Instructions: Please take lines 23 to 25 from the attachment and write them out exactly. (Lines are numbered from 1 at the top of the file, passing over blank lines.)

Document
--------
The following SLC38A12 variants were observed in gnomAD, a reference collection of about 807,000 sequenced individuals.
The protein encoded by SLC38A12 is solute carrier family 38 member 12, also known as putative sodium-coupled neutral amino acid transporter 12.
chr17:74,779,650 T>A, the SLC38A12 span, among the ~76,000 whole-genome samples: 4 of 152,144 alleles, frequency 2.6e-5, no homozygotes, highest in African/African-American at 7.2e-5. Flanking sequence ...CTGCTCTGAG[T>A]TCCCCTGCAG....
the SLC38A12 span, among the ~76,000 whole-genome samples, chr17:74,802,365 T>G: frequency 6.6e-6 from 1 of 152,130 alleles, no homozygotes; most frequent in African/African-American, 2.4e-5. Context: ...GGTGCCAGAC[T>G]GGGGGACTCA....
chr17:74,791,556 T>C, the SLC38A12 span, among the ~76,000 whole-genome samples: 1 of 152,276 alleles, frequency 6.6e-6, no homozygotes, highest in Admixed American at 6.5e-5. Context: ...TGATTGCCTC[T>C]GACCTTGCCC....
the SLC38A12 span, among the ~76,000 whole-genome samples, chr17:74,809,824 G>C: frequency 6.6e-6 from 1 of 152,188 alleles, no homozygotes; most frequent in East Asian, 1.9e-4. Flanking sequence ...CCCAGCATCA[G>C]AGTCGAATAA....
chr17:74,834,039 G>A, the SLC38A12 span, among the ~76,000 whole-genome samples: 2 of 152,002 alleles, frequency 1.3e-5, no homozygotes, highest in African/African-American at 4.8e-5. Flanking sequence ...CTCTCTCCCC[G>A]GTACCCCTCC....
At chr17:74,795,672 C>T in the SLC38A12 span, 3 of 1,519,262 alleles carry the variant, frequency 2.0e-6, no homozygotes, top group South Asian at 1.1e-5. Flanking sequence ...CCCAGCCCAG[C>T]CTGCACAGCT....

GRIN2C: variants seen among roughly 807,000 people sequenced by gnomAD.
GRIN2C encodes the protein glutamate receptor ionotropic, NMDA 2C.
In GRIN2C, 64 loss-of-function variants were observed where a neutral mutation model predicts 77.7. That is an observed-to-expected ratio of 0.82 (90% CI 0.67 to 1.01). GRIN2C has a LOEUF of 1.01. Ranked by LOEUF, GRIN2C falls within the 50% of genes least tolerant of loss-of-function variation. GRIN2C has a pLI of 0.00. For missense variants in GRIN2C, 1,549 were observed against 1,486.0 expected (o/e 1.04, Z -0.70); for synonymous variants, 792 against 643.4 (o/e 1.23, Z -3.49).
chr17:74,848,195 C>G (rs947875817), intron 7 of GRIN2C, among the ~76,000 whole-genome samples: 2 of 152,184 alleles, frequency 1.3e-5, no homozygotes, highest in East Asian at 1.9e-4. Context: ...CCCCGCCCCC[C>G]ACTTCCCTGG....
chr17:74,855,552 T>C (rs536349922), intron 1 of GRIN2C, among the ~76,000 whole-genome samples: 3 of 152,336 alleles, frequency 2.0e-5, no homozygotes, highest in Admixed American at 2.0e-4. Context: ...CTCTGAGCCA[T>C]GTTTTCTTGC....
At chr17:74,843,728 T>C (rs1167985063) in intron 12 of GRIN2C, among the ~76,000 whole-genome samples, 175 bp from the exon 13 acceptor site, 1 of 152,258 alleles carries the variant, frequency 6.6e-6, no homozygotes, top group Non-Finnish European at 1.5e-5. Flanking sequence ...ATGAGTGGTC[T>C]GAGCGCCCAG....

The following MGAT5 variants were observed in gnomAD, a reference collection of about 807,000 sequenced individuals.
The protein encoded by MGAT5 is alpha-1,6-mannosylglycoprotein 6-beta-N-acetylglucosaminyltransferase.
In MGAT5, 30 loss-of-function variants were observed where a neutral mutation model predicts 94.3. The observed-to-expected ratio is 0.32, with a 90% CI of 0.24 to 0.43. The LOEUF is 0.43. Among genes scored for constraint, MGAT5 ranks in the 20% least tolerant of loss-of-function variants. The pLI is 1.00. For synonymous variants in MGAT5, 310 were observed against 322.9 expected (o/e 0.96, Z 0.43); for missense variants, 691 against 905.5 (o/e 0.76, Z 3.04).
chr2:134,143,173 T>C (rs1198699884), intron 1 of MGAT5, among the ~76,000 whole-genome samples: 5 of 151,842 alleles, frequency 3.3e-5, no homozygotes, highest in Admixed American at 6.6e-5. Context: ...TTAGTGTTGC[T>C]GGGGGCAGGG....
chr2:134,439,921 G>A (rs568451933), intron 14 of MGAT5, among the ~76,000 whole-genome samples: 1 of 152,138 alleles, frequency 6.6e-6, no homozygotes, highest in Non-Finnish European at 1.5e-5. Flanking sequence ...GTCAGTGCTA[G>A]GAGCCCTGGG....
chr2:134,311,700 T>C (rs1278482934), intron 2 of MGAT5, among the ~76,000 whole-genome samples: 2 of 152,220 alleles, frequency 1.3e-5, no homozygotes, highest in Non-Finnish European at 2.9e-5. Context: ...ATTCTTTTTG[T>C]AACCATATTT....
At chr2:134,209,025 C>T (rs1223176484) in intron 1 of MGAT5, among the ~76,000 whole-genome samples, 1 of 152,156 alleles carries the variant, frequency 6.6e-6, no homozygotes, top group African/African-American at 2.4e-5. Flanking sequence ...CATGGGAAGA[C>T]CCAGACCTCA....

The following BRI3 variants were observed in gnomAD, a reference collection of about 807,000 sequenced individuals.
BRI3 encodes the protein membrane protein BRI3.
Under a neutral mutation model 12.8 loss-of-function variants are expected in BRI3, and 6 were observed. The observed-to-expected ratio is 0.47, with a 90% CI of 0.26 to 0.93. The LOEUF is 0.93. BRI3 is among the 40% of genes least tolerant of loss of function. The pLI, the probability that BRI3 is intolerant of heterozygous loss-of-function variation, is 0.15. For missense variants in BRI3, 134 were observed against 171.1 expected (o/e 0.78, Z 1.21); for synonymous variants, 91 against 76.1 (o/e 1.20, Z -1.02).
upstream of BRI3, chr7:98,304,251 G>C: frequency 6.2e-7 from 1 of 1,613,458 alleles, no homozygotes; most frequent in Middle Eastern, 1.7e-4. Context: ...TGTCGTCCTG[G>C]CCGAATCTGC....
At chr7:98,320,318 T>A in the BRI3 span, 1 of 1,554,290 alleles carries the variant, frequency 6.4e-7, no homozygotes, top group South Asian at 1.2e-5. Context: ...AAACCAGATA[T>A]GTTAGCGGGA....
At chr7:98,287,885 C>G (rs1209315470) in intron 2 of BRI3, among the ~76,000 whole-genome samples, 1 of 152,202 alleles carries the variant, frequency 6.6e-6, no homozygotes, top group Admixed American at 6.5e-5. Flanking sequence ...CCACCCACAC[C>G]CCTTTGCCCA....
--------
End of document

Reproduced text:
BRI3 encodes the protein membrane protein BRI3.
Under a neutral mutation model 12.8 loss-of-function variants are expected in BRI3, and 6 were observed. The observed-to-expected ratio is 0.47, with a 90% CI of 0.26 to 0.93. The LOEUF is 0.93. BRI3 is among the 40% of genes least tolerant of loss of function. The pLI, the probability that BRI3 is intolerant of heterozygous loss-of-function variation, is 0.15. For missense variants in BRI3, 134 were observed against 171.1 expected (o/e 0.78, Z 1.21); for synonymous variants, 91 against 76.1 (o/e 1.20, Z -1.02).
upstream of BRI3, chr7:98,304,251 G>C: frequency 6.2e-7 from 1 of 1,613,458 alleles, no homozygotes; most frequent in Middle Eastern, 1.7e-4. Context: ...TGTCGTCCTG[G>C]CCGAATCTGC....